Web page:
My ambivalence towards vegetarian and vegan restaurants has already been documented in these pages (e.g. here). While I can get behind the health benefits and ethos of sustainability, I rarely find the end product a worthy endeavor from a purely gastronomic perspective.
I have always been of the opinion that dishes that are vegetarian by definition – i.e. originally conceived using veggies – can be and are often great. However, things fall apart when vegetables or legumes are used as substitutes for meat, poultry or dairy – e.g. plant-based burgers, mushroom gravy or almond cheese.
Now, I won't go as far as shunning that entire category of restaurant permanently; today I hit up Aux Vivres' Westmount location for lunch with an open mind and a readiness to be proven wrong.
Billed as Montreal's first vegan restaurant, Aux Vivres started out with a Plateau location in 1997. It would take them nearly twenty years to expand, adding their second and only other branch to Westmount's scene in 2018.
Taking over from a clothing store, the corner locale was redone in the style of a contemporary diner. Burgundy leather banquettes and booths occupy the interior's long edges, with bar-height tables running down the middle.
Above that are a combination of exposed brick walls and wood paneling, underneath a painted white ceiling. The lunch service was fairly quiet; only three other tables were taken inside. Outside was a riskier venture due to intermittent bursts of rain.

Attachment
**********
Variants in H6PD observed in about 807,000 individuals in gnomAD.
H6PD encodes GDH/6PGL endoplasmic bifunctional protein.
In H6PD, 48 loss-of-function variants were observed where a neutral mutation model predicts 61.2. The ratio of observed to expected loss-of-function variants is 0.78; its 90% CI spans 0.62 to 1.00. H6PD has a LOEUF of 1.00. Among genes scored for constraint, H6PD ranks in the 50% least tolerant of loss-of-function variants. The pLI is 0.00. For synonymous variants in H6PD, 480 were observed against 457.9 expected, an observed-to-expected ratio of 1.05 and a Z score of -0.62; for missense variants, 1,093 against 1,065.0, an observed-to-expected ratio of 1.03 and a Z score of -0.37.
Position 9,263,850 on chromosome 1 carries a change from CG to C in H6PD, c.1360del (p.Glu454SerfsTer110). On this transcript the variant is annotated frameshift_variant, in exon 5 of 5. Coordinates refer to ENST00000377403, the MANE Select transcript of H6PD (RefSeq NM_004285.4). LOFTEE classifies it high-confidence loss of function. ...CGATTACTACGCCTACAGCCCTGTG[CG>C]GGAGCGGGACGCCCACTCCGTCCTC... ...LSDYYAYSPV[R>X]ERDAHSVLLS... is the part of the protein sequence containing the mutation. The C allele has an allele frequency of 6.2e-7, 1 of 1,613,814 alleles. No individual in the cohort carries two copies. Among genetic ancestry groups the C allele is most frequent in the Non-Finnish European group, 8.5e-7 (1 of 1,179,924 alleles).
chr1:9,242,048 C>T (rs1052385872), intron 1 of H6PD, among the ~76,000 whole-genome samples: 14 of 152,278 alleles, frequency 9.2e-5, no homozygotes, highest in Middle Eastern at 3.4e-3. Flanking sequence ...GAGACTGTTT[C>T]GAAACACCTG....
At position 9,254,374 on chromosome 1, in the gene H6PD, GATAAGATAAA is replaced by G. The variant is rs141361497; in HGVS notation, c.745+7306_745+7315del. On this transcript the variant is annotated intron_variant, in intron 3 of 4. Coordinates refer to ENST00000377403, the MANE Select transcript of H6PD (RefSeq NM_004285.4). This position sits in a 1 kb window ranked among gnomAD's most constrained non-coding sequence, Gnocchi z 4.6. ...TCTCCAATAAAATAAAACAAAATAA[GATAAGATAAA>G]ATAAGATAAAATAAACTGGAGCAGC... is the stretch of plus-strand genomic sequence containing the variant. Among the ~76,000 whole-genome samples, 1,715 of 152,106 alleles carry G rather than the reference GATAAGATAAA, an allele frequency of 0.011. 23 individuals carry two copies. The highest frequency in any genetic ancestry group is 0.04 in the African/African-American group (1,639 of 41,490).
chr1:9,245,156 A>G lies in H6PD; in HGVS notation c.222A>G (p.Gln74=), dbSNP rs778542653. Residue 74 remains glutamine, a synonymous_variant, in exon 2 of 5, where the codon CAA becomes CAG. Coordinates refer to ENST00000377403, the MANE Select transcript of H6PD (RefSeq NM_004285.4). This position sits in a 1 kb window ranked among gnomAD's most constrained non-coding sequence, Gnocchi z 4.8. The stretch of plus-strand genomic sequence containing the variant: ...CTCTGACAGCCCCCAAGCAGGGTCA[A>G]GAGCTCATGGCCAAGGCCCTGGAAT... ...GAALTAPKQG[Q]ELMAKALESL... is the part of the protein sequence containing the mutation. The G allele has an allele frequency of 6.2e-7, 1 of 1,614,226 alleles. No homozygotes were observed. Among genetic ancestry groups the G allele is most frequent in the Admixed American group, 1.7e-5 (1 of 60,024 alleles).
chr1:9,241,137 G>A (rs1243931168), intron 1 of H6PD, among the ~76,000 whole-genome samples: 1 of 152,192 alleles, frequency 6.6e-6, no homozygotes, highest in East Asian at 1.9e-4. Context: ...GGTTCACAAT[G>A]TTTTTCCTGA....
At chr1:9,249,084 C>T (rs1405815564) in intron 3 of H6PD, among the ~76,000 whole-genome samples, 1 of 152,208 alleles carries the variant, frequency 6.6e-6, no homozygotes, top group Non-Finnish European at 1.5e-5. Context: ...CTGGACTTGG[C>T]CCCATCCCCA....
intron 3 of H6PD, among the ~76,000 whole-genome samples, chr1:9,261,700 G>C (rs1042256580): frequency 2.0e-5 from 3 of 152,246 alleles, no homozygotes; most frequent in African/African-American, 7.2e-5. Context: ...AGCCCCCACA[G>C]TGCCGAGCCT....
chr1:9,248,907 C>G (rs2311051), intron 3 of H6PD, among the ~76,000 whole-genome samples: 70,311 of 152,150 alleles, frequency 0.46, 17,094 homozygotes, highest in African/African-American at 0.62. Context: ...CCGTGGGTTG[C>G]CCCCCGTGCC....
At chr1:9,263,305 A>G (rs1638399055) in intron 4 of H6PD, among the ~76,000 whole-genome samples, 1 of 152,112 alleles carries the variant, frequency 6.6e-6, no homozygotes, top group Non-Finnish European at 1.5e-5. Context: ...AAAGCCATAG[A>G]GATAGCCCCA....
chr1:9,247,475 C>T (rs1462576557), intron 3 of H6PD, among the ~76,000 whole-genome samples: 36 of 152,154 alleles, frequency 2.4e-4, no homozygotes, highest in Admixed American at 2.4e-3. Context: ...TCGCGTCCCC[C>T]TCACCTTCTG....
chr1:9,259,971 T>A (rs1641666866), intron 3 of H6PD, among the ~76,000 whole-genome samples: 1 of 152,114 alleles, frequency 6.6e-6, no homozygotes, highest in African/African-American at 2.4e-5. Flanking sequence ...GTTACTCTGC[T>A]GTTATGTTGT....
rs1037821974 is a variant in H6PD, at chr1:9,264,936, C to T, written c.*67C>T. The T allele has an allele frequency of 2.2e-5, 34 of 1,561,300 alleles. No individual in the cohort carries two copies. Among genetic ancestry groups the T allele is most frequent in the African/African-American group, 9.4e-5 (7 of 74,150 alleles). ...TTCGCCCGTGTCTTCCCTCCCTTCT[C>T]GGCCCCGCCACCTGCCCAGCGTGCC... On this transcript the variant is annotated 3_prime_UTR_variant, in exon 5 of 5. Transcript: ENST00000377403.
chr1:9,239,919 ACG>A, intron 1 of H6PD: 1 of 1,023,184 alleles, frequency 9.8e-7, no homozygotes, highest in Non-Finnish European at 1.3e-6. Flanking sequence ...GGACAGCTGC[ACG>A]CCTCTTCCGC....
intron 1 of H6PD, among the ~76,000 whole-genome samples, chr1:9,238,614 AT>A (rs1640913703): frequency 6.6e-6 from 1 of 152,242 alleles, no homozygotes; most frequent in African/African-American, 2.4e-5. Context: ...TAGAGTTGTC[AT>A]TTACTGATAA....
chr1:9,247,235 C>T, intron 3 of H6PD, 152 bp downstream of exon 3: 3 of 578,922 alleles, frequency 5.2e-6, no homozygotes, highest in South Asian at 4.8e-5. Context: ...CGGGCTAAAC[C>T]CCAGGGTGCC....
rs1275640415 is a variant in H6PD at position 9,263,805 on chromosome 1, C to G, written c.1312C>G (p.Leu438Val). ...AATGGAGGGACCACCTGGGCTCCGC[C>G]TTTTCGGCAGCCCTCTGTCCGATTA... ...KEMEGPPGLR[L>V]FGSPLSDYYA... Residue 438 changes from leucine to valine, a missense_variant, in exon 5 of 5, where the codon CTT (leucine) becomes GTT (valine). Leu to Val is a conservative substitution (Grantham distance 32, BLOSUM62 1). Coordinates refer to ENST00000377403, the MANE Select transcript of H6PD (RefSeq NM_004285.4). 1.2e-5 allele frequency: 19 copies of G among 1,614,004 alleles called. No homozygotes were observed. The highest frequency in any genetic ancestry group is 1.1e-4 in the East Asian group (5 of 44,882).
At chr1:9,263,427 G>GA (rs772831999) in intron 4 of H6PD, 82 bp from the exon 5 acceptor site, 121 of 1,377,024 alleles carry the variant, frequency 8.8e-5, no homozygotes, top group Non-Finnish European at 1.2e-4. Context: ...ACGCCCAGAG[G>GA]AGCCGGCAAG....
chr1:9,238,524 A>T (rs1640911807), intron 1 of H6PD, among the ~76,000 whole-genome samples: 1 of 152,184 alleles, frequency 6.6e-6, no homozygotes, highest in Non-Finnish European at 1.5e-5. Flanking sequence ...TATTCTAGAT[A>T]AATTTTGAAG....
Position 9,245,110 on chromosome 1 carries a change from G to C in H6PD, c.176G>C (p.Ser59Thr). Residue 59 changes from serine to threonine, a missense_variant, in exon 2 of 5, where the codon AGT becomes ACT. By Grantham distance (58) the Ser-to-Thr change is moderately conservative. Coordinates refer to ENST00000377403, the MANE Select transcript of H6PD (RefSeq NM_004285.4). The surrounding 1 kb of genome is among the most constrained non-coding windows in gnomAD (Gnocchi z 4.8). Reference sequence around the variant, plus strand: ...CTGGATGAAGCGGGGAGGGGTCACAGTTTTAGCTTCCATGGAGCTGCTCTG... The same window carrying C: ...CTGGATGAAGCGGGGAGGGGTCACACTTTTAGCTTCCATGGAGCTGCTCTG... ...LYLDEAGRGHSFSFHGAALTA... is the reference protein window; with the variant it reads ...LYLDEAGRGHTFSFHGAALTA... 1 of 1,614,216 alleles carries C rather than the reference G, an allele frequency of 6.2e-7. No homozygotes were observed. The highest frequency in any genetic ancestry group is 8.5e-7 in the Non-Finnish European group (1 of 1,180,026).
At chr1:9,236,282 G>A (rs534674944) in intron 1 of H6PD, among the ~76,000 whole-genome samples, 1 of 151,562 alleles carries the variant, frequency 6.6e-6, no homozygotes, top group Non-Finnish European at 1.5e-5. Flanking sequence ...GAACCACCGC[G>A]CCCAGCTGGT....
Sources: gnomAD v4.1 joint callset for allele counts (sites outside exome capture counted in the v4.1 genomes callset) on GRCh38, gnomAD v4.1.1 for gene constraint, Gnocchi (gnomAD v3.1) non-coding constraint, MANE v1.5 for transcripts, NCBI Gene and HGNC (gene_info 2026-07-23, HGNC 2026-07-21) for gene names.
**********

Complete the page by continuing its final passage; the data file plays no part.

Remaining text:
The animal-free menu travels the world, passing through most continents from the Americas to Europe and Asia. International flavours include – but are not limited to – spicy buffalo, chili, gyro, chutney and satay.
Vegetarian staples and superfoods such as sprouts, beets, seeds, brown rice, chickpeas, tofu and tempeh make heavy appearances; as do animal derivative substitutes like faux salmon, coconut bacon and – shudder – cashew parmesan.
An amazing start to any meal, this comforting bowl of red lentil soup nailed everything from the fragrance and spice to the thick, pulsed consistency. My wife and I had to fight for this.
While I did enjoy the souvlaki-marinated tempeh, it took me a couple of bites before realizing what was wrong with this wrap: the lack of dairy in the tzatziki gave it a sour taste of fermentation.
A heap of too many greens and veggies to individually list sat atop of brown rice, and was shredded and julienned so small it was difficult to enjoy. Also, the dragon sauce/dressing failed to make things interesting.
For my second visit this summer, my waiter here was a bespectacled young chap. With just under forty minutes before I had to return home to take a work call, time was of the essence. My request to bring everything at once as soon as plates were ready was duly fulfilled. Wham, bam, thank you ma'am!
tagged: IN & OUT
The critique above may sound negative in a couple of parts; but in fact, the food at Aux Vivres is not bad at all. That said, I don't go out for "not bad" or for mere sustenance.
Vegans and vegetarians will find such an establishment accommodating to their lifestyle choice, but I did not witness anything beyond a decent, filling, healthy and environmentally-responsible meal.
Today's lunch reinforced my position that we do not need to reproduce animal foods using plant-based ingredients to serve good, vegan-friendly food. Let's just focus on traditionally-vegetarian dishes. Dal? Yes please! Non-dairy tzatziki? No thanks.
tagged: PLAN B.
Price per person: $23.13
Montreal restaurant and bar reviews brought to you by two regular guys who like to eat and drink. We will go anywhere and we will say it like it is.